It’s Wednesday night. I haven’t been out of the house since Monday morning and am starting to get a little kooky. Monday and Tuesday most of us were sick. This morning I woke up feeling a little better but my car wasn’t — its battery was completely dead. So no escape for me.
My appetite has been nonexistent, so dinners have been utilitarian and kid-geared this week. But tonight I made pumpkin French toast for the first time (Jessica Seinfeld, again) and eggs and turkey bacon. Only my daughter and I ate the French toast, but it was good. The kids finished up dinner with a round of cereal, which was like their fifth serving of the stuff today. Between cereal and Slim-Fast, we go through 4 gallons of milk a week.
I hope I start feeling 100% again soon because I feel like my concentration is shot. I also really want to enjoy food again. My first post-illness meal shall be pad thai and shrimp rolls from Fusion Bay, a phenomenally good restaurant in town, and a McDonald’s milkshake. Not together.
On the frugality front, I had to purchase a new humidifier yesterday. I swear that I will take good care of this one, and clean it regularly, and not let the kids break it, so that it doesn’t join the ranks of the undead humidifiers that I just cleaned out of the attic.
I kept picking up this book today and reading pages here and there:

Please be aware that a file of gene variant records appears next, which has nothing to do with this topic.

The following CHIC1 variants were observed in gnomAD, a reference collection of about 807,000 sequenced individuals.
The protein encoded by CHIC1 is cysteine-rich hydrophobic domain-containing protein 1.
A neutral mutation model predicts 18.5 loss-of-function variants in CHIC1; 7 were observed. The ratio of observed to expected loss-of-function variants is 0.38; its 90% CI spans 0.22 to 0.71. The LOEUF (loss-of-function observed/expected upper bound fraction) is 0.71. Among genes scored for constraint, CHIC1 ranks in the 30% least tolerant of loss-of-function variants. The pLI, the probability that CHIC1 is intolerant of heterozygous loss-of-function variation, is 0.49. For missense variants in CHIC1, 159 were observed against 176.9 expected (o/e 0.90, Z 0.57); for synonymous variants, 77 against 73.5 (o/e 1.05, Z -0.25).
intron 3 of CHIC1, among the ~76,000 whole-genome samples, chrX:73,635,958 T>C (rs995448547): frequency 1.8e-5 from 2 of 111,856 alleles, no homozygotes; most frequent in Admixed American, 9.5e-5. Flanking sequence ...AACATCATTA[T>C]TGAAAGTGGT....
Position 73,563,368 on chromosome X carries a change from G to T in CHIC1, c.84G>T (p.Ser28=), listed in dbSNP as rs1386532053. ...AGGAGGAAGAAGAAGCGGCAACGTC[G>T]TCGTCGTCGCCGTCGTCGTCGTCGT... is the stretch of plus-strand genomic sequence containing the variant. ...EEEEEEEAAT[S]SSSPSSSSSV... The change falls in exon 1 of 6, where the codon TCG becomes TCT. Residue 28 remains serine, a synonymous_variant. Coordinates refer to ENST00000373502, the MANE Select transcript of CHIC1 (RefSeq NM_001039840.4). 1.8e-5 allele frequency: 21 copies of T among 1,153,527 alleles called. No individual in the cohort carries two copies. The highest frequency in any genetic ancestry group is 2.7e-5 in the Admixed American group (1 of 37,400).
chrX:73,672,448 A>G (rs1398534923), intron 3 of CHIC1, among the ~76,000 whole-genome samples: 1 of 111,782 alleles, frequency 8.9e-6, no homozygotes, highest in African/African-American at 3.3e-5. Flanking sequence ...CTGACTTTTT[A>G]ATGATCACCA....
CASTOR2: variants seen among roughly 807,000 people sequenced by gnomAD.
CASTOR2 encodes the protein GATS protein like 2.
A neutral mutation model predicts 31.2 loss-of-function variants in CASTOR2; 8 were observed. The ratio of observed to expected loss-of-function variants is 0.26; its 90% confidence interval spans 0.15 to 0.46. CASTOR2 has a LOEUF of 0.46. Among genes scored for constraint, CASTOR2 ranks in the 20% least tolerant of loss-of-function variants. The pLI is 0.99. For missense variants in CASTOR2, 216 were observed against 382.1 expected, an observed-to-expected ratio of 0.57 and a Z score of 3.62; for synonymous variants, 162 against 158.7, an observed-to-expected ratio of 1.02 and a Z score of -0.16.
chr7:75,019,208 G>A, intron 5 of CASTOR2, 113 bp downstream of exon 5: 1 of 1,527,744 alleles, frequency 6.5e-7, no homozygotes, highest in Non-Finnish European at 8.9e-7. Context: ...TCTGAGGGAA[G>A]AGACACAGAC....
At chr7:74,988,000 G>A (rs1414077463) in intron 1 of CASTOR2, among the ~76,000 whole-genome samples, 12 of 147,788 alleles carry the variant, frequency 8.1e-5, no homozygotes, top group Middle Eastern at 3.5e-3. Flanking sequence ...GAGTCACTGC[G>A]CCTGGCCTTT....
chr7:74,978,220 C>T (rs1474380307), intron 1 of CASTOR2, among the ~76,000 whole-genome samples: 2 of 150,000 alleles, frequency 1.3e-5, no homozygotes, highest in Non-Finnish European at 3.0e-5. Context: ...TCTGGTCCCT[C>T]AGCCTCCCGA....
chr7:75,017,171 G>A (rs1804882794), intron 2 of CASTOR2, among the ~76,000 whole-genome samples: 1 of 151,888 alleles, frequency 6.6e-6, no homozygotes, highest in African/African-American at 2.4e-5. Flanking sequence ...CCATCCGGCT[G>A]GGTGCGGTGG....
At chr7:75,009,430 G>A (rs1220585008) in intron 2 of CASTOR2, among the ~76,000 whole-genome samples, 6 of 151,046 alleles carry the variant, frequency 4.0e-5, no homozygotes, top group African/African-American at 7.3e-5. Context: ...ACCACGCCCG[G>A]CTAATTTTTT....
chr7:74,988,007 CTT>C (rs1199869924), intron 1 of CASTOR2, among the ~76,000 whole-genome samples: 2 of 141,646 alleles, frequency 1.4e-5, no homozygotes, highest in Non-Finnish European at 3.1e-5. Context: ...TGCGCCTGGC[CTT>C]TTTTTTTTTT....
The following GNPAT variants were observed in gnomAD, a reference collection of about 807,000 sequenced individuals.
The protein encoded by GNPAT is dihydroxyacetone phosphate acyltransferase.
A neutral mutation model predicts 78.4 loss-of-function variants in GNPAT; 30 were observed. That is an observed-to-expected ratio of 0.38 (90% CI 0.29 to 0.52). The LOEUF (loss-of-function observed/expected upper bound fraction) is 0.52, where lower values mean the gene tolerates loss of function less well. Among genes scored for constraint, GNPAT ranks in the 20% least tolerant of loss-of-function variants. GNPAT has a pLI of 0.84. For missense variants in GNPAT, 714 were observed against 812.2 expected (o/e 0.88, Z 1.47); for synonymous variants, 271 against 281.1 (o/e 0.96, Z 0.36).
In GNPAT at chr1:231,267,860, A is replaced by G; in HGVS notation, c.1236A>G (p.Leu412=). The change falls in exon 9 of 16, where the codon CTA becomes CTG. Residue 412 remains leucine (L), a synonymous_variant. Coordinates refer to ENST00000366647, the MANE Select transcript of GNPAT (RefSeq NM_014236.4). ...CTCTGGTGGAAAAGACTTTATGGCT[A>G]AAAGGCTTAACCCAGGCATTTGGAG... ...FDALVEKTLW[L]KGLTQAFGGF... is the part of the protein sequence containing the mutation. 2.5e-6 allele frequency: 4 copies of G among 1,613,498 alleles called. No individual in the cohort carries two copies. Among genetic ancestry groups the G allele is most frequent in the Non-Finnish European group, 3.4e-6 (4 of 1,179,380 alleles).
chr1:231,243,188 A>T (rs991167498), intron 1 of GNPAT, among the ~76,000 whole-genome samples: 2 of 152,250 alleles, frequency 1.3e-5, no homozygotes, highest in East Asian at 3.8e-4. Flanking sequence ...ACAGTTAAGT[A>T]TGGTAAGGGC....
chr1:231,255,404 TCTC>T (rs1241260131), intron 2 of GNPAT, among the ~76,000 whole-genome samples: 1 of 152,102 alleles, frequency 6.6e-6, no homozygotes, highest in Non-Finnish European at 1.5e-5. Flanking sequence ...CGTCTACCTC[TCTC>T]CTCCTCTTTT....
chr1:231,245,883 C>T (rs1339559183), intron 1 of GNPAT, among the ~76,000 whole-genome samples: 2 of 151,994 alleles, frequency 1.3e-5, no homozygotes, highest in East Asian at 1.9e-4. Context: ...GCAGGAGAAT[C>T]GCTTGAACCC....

This was a gift from my cousin who is a wonderful cook. She also studied at this author’s cooking school in Ireland. The book talks about things like foraging, making your own butter, keeping chickens, making “crackling,” which I last heard about in the Little House on the Prairie books, canning, preserving, and more. It’s 600 pages long. It’s filled with all these anecdotes and memories of her life growing up in Ireland in the countryside. I haven’t yet used any of the recipes but I just love reading it. It’s so soothing to read a sentence like, “If I’m to choose the most forgotten or neglected of the beans, I’d say scarlet runners.” I guess it just makes me happy to know that someone preserved all this knowledge of yore. Right this moment I wish we could all be transplanted to a farm so that the kids could wake up in the morning and go check the henhouse for eggs…